Innovation is in the air

Feb 13

GEA supports farmers in industry transformation
The atmosphere in Europe has rarely felt so palpably rural as it has during the first months of 2024: With their tractors and manure tankers in tow, protesting farmers in the capitals of Berlin, Paris and Brussels and elsewhere, are drawing attention to the fact that restructuring the world’s food system is a societal task and cannot be borne by farmers alone. Against this backdrop, GEA joined a panel of experts recently in Berlin to discuss practical solutions for enabling more sustainable agricultural.


The current challenges facing agriculture are tremendous: the entire industry is in the midst of a far-reaching transformation towards greater sustainability and animal welfare. At the same time, many farmers are under increasing economic pressure. The panel, made up of experts from government, farming, academia and business, discussed key topics such as the prerequisites for shifting agriculture towards more organic farming practices, climate adaption strategies, improving soil health, as well as reducing the level of bureaucracy and regulation faced by producers.

With regard to fertilizer and climate impact, Peter Lauwers, CEO of GEA Farm Technologies, raised awareness about the urgent need for action. The good news, he explained, is that innovative and proven technologies can make agriculture significantly more environmentally and climate-friendly – right now – if legal and financial conditions are in place to support the uptake of these solutions by farmers.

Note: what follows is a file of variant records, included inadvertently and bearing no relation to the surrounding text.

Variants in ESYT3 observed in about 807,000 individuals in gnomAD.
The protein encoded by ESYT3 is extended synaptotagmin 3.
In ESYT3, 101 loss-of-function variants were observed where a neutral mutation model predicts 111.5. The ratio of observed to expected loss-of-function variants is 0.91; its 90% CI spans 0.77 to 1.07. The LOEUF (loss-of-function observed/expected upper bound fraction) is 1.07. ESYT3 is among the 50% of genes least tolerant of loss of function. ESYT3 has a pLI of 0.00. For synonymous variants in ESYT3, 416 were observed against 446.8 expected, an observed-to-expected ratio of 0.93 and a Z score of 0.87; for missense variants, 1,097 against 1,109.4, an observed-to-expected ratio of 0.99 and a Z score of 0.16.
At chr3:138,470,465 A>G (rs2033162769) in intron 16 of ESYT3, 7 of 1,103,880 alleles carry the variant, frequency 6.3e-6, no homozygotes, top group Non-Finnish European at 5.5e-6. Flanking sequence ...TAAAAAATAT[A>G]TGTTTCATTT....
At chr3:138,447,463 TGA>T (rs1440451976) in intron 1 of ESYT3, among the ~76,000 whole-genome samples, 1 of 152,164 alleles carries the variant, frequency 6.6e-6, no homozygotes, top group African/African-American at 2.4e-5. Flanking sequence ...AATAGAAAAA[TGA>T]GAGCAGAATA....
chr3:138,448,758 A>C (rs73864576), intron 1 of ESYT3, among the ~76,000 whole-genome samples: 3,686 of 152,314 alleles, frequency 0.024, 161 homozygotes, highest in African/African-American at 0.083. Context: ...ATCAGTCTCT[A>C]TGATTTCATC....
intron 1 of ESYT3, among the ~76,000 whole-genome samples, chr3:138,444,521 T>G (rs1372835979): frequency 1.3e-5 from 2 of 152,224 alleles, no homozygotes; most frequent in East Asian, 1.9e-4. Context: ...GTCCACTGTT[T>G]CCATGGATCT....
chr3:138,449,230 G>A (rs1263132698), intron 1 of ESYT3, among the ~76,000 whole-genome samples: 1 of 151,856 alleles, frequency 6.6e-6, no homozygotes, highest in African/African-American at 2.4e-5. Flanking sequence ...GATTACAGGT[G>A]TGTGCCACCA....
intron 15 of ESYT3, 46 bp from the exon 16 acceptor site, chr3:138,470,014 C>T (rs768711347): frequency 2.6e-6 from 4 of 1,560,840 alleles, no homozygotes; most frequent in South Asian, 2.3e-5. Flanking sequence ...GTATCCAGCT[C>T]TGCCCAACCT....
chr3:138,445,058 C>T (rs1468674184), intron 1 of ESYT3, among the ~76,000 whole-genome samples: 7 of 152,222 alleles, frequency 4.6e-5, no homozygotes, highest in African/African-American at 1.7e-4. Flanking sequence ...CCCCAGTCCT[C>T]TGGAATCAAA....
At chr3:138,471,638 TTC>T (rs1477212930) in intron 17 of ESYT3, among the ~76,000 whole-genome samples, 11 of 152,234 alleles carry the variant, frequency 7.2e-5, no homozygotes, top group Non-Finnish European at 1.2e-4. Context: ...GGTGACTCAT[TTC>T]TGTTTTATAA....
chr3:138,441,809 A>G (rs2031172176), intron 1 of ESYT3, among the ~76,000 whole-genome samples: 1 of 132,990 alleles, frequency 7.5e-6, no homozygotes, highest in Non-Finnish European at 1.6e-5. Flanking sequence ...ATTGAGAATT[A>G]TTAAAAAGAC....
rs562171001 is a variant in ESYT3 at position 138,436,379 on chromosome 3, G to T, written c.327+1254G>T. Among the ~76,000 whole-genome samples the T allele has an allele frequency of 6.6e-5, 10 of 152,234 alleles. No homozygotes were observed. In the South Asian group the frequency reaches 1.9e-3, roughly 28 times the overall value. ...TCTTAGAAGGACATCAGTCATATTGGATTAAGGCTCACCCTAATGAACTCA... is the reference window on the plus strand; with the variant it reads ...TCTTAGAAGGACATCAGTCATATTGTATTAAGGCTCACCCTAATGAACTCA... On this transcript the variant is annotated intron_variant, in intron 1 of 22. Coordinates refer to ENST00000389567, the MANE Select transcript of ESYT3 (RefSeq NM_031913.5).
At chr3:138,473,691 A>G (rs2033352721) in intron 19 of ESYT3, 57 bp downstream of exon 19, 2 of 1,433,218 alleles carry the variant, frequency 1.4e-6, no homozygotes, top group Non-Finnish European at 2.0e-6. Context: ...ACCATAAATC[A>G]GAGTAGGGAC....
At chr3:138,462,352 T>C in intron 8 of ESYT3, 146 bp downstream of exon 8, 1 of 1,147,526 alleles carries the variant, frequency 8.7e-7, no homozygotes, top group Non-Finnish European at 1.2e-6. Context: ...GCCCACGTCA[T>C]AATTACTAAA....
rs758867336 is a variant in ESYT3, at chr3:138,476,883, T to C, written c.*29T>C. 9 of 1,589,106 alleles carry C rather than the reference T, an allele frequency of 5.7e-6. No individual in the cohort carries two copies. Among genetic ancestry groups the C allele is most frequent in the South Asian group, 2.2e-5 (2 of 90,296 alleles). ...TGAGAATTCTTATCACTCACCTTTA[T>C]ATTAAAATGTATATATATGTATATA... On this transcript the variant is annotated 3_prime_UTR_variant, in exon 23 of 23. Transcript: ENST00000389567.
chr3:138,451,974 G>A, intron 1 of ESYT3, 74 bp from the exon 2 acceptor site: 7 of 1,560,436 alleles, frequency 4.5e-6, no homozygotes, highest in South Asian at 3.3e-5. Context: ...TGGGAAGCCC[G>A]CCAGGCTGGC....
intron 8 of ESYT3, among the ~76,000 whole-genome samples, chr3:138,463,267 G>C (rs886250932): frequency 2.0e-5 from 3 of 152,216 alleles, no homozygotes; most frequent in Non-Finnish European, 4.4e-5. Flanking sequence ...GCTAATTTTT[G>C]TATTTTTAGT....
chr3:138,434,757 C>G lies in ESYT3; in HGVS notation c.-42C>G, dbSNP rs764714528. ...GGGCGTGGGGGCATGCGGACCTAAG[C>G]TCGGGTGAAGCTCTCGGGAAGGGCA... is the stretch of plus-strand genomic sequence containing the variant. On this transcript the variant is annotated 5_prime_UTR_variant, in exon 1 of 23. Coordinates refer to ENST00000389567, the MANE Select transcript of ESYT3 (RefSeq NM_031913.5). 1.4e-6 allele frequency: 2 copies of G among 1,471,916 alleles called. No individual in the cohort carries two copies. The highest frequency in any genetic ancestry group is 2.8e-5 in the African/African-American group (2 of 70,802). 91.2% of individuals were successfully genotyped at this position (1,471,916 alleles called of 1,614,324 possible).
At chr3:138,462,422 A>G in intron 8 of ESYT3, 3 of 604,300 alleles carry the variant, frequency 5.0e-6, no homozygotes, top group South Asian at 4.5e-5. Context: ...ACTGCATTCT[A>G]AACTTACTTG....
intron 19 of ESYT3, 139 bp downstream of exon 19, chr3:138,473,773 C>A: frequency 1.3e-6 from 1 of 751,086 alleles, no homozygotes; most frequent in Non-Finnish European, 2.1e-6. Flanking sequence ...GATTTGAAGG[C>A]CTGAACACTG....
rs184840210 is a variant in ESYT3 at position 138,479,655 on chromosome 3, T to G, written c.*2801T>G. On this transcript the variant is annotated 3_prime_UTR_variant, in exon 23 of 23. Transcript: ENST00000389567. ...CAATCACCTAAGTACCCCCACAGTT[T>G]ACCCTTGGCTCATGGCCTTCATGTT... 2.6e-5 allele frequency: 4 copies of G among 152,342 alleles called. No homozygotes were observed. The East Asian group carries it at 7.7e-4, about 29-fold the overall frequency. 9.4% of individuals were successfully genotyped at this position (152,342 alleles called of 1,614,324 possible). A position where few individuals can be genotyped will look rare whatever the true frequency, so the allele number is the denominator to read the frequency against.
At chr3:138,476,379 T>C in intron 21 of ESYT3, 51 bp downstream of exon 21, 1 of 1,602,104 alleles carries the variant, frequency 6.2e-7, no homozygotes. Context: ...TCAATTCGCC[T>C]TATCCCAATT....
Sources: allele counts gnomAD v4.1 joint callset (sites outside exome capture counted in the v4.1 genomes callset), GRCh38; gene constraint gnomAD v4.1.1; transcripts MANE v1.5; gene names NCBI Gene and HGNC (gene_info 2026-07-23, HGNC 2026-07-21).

"To meet the increasing food demand of the world's growing population in a more sustainable and resource-efficient way, we need to work together: agriculture, politicians, researchers, businesses, media and consumers."

– Peter Lauwers

CEO GEA Farm Technologies

Reducing CO2 emissions from agriculture worldwide

Agriculture not only suffers from climate change, but also contributes to it. At present agricultural emissions account for about 12 percent of global CO2 emissions. For some perspective, the industries contributing the most greenhouse gas emissions globally are the energy (38%) and mobility (21%) sectors.

When it comes to farming, it is livestock rearing – particularly cattle farming with its methane emissions – which is the biggest contributor to agricultural emissions. The proportion accounted for by cattle farming varies from country to country. In Germany, emissions from cattle farming account for just 4 percent of the country’s emissions, which is a positive benchmark for the agricultural industry globally. When looked at in more detail, there are clear insights about how to reduce these emissions. Livestock management methods, animal health, milk quantity per cow and the efficient use of by-products such as manure as a natural fertilizer – all impact emissions. Analyses prove that efficient management reduces the climate impact of cattle- and dairy farming. Technological progress in the barn alone already contributes significantly to increases in efficiency.

Modern dairy solutions support more climate-friendly farming

GEA has supported the dairy farmers for decades with automated milking and feeding systems and digital herd management solutions. These solutions ensure more sustainable and higher quality milk production. Combined, these modern tools save time, resources, energy and improve animal welfare by reducing the prevalence of mastitis and claw infections. This drastically reduces the need for medicine and antibiotics in dairy farming. More climate-friendly farming is not possible without these innovations.